Alto singers in particular sound great on these headphones, which makes sense, given that range is typically from 180-700Hz. These frequencies are the sweet spot for the HD 280 Pro and happen to also be where the headphones most closely align with our target curve. The HD 280 Pro allowed me to hear new lyrics to songs I’d previously found imperceptible.
Falsetto and soprano voices that occupy those higher ranges sound less impressive than on other headphones. George McCrae’s smooth falsetto on “Rock Your Baby” lacks dimension due to this decibel drop where those higher frequencies reside. Mara TK still sounds good on “Just Do You” because he’s a talented singer, but the song’s vocals aren’t on par with the best headphones due to the frequency curve on the upper registers.
Some people will feel cymbals sound “hollow” coming through the Sennheiser HD 280 Pro. On tracks with a lot of fast cymbals and tambourines like What a Pity by Spook School they sound more like metal trashcan lids than a high-quality metal instrument. On other tracks, the cymbals sound a little too slow, and there are few reasons for this.
The HD 280 Pro’s minor under-emphasis (compared to our studio curve) between 2-8kHz, and the steep drop above 10kHz gives the impression of a quieter cymbal due in part to lowered volume on the initial crack of the crash. This lowered volume on the initial hit (of the cymbal, or any sound in that range) to reaching peak volume the brain interprets as less attack. Having the impression of less attack is fine — sometimes desirable — on an infrequent sound. The human brain, however, can’t process this fast enough to distinguish the sounds. This makes it seem like everything bleeds together during a fast repeating sound, like multiple crash cymbals back-to-back.
What’s the Sennheiser HD 280 Pro good for?
After several hours of testing music from different genres and eras, I’ve become accustomed to the particulars of how this headset sounds and discovered that like the famously polarizing Yamaha NS10 monitors, if a song can sound good on the HD 280 Pro, then it’s well mixed. Songs that really vibe on these headphones will sound good or better on almost anything else. If you’re producing music: that’s an extremely valuable tool.
For mixing purposes, if a song sounds good on the HD 280 Pro, it'll be just as good or better on anything else.
If you’re an audio engineer, a podcaster, or in a band, the Sennheiser HD 280 Pro is a versatile piece of kit. The closed-back ear cups are ideal for recording tracks, because they minimize dreaded sound leakage. The sound staging (how well you’re detecting the panning left to right) is wide for a closed-back headset, which makes it easier to pick out instruments than other closed-back options — also important when mixing.
Should you buy the Sennheiser HD 280 Pro?
If you’re looking for a solid budget-conscious reference headset, you should consider the Sennheiser HD 280 Pro. If you have a higher budget, by all means explore other options like the AKG K371, but for about $100 there’s a spot in every studio for the HD 280 Pro. It doesn’t have to be your main headset, but if you need a backup or a second pair to mix with or track without the pains of leakage, it’s great.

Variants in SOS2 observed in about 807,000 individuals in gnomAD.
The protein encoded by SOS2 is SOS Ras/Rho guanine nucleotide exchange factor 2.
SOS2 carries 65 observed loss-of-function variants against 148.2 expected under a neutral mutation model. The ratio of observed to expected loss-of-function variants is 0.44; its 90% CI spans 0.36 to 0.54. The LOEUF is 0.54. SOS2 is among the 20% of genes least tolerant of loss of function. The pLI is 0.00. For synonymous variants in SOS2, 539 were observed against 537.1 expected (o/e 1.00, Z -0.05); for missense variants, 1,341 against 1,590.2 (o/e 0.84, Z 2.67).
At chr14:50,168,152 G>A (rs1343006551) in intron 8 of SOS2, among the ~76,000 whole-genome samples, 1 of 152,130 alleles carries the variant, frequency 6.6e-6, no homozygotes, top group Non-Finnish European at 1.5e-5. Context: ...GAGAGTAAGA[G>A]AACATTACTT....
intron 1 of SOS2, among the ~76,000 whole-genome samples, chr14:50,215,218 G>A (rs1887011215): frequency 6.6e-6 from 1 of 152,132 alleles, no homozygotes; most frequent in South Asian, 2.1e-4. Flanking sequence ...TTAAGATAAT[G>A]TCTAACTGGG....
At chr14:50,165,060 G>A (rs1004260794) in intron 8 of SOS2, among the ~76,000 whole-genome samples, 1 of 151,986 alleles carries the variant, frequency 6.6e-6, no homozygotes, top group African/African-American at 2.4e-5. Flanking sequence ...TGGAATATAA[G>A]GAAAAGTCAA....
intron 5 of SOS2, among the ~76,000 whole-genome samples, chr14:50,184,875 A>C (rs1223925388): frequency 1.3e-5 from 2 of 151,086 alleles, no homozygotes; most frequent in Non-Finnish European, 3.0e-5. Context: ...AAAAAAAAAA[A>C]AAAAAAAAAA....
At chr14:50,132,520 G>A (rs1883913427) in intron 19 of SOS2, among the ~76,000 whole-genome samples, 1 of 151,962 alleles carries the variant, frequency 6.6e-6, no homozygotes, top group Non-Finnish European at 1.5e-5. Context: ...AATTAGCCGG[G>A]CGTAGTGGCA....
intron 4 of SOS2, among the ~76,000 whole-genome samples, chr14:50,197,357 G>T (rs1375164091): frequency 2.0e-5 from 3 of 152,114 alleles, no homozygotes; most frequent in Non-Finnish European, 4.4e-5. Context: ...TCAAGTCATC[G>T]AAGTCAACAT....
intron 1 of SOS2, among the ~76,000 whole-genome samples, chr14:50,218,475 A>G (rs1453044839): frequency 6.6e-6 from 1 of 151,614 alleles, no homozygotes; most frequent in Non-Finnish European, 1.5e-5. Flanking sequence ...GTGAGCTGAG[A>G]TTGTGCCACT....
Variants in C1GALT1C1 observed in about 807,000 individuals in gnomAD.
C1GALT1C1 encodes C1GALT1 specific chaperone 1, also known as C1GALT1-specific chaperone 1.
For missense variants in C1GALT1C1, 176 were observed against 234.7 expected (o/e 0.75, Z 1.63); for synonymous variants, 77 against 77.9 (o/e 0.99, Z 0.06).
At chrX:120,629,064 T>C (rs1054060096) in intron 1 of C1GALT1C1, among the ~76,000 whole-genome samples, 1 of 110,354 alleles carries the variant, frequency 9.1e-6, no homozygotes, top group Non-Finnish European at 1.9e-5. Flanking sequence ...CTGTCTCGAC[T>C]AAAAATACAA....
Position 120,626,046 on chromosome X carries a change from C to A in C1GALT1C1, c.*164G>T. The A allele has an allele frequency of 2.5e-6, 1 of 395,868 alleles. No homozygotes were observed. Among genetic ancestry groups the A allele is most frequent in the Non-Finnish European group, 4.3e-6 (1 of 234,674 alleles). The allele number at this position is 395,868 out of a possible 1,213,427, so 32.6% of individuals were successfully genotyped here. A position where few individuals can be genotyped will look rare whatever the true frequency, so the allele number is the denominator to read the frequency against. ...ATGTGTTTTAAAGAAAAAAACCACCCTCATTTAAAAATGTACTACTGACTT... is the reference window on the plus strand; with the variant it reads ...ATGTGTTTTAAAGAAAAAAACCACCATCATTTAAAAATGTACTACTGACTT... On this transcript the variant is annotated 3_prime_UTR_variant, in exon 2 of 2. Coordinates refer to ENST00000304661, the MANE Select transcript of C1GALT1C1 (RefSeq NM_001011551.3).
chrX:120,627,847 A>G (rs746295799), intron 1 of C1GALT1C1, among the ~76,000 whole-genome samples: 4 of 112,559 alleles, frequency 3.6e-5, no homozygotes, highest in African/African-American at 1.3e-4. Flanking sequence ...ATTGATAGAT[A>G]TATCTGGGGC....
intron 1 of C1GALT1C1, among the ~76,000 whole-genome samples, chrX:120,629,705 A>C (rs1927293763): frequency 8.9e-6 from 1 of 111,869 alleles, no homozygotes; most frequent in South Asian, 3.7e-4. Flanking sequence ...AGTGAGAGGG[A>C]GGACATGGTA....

Also, I stand by my controversial statement that the Sennheiser HD 280 Pro is the studio headphone equivalent of the Yamaha NS10 monitor. Make something sound good on these headphones and it’ll sound good on most other drivers. That’s reason enough to pick up a pair.
What should you get instead of the Sennheiser HD 280 Pro?
For $119 at Amazon you can pick up the Audio-Technica ATH-M40x. It comes with removable cables that have proprietary locking mechanisms, and you can get a headset with a non-removable cable for less ($79 at Amazon) with the Audio-Technica ATH-M30x. The HD 280 Pro sports a slightly more accurate frequency response. Interestingly, both sets have similar features such as a drop around 80Hz and a bump around 100Hz. Whereas the HD 280 Pro has a touch too much in the sub-bass, the ATH-M40x has a notable under-emphasis. Pick your poison.
Both headphones perform similarly with passive isolation. The main difference in terms of sound is in the highs where the ATH-M40x tends to exaggerate somewhat. If used to monitor while tracking a recording, this emphasis can have its uses for vocalists hearing themselves back.
If you want something more deluxe, check out the Beyerdynamic DT 700 PRO X for $249 at Sweetwater. These feel extremely comfortable with velour padding and they sound quite good too. If you’d rather have a set of open backs, check out the Beyerdynamic DT 900 PRO X ($269 at Amazon) which has an even more accurate frequency response.
Frequently asked questions about the Sennheiser HD 280 Pro
No, the headset does not have a microphone for phone calls or voice assistant access.
You can replace the ear pads and the headband cushioning (for $36.89 at Amazon). Sennheiser sells official replacements to consumers. This is great for prolonging the lifespan of the headphones (and for the environment).
Absolutely, the HD 280 Pro is a good pick for editing voiceovers. As with most mixing, A/B with as many speakers and headphones as you can in addition to the Sennheiser HD 280 Pro to get a true sense of your recording.
We haven’t gotten around to reviewing and testing the AKG K361 ($119 at Amazon), so we can’t say for certain which is better. What we can say is that the Sennheiser HD 280 Pro are definitely a good pick for music production.
If you’re interested in AKG headphones, we strongly advise you check out the ones we have reviewed because they vary quite widely from the decent (for the price $56 at Amazon) AKG K240 Studio to the slightly expensive ($135 at Amazon) AKG K702, and the pretty useless AKG K92 and K72. We really like the AKG K371 ($176 at Amazon), however, they’re possibly too consumer oriented for most production.